Meet Bear – the unwanted pet with a great future as a life-changing assistance dog.

The beautiful fox-red Labrador has been an opportunity to turn his life around – and that of his potential new owner - by national charity Support Dogs, which describes itself as ‘the charity that gives unwanted dogs a second chance.’

One in four of Support Dogs come from rescue centres or were unwanted pets yet once trained go on to transform the lives of children and adults with autism, epilepsy and disability.

Bear recently arrived at Support Dogs from Dogs Trust Manchester. Aged three, he is a bit older than most future support dogs, but the charity saw his immense potential and were keen to give him the opportunity to prove himself.

Bear came from a loving home, but because of a new baby his family were struggling to give him the life he deserved, and he was passed on to Dogs Trust. Rather than putting Bear up for re-homing, Dogs Trust contacted Support Dogs because they thought he had the qualities to make it as a professional assistance dog.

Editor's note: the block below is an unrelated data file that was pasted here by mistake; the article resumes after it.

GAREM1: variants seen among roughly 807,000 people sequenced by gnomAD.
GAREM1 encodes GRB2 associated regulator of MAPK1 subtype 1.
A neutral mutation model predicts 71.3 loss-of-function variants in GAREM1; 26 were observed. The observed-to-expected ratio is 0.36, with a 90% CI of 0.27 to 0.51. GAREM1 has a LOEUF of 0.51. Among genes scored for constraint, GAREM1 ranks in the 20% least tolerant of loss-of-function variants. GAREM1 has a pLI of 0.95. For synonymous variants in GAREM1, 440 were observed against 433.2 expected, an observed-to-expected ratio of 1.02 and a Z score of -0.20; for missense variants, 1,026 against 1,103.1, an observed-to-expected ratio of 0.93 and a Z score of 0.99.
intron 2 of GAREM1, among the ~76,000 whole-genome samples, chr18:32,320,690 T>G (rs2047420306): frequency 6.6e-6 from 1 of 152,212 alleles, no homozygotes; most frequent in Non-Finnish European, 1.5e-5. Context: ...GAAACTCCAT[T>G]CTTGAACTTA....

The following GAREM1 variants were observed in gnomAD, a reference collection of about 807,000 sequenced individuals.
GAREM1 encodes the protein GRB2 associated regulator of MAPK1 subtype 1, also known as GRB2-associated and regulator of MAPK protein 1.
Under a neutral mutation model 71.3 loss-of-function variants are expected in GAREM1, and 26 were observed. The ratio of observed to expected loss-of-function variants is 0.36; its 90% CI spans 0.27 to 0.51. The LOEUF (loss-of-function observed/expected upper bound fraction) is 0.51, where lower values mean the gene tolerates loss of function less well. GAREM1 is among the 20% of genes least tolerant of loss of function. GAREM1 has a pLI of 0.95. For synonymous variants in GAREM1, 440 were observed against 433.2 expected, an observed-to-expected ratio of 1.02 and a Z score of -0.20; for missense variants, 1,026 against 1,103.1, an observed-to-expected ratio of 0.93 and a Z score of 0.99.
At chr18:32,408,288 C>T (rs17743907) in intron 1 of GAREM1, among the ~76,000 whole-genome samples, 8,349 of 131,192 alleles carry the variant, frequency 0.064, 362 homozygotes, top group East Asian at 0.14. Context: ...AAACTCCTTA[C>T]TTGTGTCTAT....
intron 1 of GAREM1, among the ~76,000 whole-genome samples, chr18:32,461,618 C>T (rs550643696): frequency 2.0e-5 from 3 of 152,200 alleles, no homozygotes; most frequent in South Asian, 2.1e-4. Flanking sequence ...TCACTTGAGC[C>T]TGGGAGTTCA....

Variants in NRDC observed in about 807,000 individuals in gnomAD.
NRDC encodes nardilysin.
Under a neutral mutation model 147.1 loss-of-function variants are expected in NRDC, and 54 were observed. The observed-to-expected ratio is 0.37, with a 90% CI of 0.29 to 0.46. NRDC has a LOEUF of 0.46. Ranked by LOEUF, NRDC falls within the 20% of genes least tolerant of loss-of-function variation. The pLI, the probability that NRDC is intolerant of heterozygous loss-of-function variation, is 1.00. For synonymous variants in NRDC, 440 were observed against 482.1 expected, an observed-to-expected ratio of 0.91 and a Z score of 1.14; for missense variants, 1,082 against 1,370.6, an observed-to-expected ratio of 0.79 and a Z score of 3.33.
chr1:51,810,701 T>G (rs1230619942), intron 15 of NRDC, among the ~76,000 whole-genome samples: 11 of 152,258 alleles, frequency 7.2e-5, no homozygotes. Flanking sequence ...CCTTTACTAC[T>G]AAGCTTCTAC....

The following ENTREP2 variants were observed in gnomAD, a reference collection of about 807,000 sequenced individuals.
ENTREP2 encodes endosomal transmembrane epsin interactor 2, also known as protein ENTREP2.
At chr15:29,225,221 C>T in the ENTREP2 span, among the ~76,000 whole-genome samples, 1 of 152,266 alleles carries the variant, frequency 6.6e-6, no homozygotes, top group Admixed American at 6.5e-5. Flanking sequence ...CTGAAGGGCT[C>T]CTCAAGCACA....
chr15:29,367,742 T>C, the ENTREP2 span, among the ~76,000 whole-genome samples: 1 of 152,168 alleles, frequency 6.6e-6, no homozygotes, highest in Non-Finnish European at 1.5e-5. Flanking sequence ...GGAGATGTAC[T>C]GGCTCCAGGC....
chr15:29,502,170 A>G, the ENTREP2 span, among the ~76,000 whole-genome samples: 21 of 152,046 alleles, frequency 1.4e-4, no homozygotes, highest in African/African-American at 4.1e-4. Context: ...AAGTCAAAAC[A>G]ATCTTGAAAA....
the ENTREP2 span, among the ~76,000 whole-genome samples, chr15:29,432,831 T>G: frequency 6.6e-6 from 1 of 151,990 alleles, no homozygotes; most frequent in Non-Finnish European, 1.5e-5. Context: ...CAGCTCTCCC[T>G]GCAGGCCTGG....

“As soon as I saw him, I knew instantly that I’d be taking Bear back with me,” said Danielle Kennedy, pictured, left, with Bear, who has a dog recruitment and assessor role with Support Dogs and is currently liaising with Dogs Trust, Blue Cross, dog wardens and specialist dog detection service to find more suitable, unwanted dogs to train as hero hounds.

 “He came straight up to me and was really friendly, and from day one he wanted to be loved by everyone he meets! He’s a good dog, very good with people and we’d love to have more like him.”

 Bear spent Christmas with volunteer foster carers (support dogs never spend a night in kennels.) Dogs Trust are following his progress and are keeping an eye out for more potential support dogs to pass on.

 Because of his age the Support Dogs’ training team are keen to swiftly assign him to a training programme, with the possibility that he might be an excellent seizure alert dog – trained to detect and warn of oncoming epileptic seizures.